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Base dental clinic improves capabilty in areas of time and efficiency by going digital

  • Published
  • By Airman 1st Class Courtney Witt
  • 36th Wing Public Affaris
Team Andersen's Medical Dental Clinic is saying goodbye to film and hello to digital.

The unit's transition from X-ray to digital imagery is saving the Air Force time and money and is freeing more appointments for customers.

Processing and developing X-ray film involves many steps including the use of a dark room and chemicals. The technique took about five minutes per set of X-rays to develop, not including the time technicians spent mounting the images and labeling them with the patients' information.

Then, there are infection control procedures that require each set of film to be handled individually and each film package to be properly disposed.

"Since there was only one dark room with all the developing equipment in it," said Lt. Col. Jesus Sojo, chief of dental services, "we often had technicians waiting their turn to enter and process their film which then added to the doctor's waiting time for the radiographs and could easily become 10 minutes of additional waiting time per set of radiographs waiting to be developed."

In dentistry, time is critical and minutes wasted quickly add up and cascade into the next appointments, said Colonel Sojo.

The equipment required maintenance and support from logistics.

Also, there are special considerations and precautions for handling, cleaning, and disposing of chemicals for film.

Film, once a valuable tool, is now a thing of the past and is being replaced by a much faster, more efficient way of reading X-rays - digital radiology.

"Dental Digital Radiology is revolutionizing our practice," Colonel Sojo said. "The entire process of taking X-rays now takes place in the dental treatment room and takes only a few seconds without having to walk the patient between rooms."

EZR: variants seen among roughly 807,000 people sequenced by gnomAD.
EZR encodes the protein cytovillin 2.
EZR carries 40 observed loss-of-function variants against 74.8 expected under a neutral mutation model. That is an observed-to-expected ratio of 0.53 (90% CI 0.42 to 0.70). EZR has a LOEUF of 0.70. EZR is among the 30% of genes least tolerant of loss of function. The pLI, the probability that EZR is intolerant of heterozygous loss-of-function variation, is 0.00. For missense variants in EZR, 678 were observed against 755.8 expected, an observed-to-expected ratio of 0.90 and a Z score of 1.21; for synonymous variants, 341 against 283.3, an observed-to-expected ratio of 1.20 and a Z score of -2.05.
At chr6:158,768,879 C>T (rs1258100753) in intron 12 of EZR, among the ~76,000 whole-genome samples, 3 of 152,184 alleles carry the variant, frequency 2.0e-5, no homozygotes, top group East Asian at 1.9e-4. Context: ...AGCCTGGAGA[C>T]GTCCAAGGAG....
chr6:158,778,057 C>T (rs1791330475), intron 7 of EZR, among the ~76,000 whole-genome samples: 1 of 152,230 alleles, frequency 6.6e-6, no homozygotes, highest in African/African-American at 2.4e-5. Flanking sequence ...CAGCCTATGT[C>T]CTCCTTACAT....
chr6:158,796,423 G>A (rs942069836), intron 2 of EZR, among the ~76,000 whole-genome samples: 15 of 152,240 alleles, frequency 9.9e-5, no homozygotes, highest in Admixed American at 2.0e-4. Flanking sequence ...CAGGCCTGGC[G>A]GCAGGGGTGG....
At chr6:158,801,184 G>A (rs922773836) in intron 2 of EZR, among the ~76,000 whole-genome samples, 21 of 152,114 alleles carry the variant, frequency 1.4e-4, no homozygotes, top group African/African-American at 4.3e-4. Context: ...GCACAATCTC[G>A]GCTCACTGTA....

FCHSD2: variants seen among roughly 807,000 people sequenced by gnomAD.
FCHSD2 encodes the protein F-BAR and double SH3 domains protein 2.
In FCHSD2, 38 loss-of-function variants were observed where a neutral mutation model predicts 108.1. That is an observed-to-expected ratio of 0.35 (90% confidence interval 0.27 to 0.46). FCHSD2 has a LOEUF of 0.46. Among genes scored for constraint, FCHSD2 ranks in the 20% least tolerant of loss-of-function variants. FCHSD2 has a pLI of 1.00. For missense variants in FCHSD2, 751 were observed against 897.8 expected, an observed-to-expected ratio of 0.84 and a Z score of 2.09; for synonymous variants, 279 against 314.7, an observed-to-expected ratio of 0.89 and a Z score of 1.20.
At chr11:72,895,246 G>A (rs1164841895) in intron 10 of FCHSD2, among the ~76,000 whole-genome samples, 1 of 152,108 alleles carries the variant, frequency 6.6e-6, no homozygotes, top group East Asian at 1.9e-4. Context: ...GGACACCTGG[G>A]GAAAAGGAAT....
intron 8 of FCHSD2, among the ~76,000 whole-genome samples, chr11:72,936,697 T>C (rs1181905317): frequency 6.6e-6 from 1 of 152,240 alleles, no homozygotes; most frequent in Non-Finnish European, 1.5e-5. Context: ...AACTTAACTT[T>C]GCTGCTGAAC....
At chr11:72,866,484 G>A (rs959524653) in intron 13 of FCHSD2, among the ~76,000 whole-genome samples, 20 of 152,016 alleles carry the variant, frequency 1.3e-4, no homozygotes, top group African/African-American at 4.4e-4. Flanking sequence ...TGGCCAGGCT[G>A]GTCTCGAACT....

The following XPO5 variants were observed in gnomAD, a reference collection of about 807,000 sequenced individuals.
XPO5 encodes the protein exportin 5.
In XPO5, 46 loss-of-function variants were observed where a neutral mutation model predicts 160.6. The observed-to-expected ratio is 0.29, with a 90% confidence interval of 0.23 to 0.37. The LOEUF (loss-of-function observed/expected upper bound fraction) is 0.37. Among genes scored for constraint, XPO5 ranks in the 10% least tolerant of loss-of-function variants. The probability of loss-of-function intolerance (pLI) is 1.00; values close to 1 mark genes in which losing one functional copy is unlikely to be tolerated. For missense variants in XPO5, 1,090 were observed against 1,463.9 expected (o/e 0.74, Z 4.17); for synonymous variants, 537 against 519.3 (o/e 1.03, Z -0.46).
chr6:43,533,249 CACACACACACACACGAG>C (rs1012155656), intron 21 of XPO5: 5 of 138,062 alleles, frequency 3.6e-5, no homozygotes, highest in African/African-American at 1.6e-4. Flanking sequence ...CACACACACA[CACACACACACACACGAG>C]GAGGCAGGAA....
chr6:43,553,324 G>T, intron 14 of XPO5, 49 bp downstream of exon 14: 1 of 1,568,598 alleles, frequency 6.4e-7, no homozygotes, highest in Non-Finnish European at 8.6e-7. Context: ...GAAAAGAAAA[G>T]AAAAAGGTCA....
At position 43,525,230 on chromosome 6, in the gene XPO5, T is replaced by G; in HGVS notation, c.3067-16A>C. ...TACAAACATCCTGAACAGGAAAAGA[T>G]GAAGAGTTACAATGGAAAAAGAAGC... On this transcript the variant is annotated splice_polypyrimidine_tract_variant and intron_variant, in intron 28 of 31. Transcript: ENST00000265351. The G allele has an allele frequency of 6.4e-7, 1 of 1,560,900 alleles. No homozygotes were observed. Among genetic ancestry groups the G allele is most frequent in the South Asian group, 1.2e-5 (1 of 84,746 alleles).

Four dental treatment rooms operate independently. Each has its own Dental Digital Radiology equipment allowing five to six technicians to take X-rays simultaneously.

"This saves time and is immensely more efficient than having to go to one centralized place," said Capt. Benjamin Hall, officer in charge of dental radiology.

Each technician uses a charged coupled device sensor instead of film. The X-ray image is transferred to the computer monitor almost instantaneously. The brightness and contrast of the images can be easily corrected if needed, virtually eliminating the need for retakes due to processing problems.

On average, Dental Digital Radiology will save the clinic about 34 hours per month which translates into 34 additional exams or cleaning appointments. Another advantage of the system is that the sensor requires 80 percent less radiation to capture the image minimizing the exposure to patients, according to Colonel Sojo.

The total cost to the AF for the dental clinic conversion to Dental Digital Radiology was approximately $155,000. However, to Andersen's dental clinic it was worth the cost.

"We have essentially quadrupled our capability in terms of time and efficiency by going digital," Colonel Sojo said.

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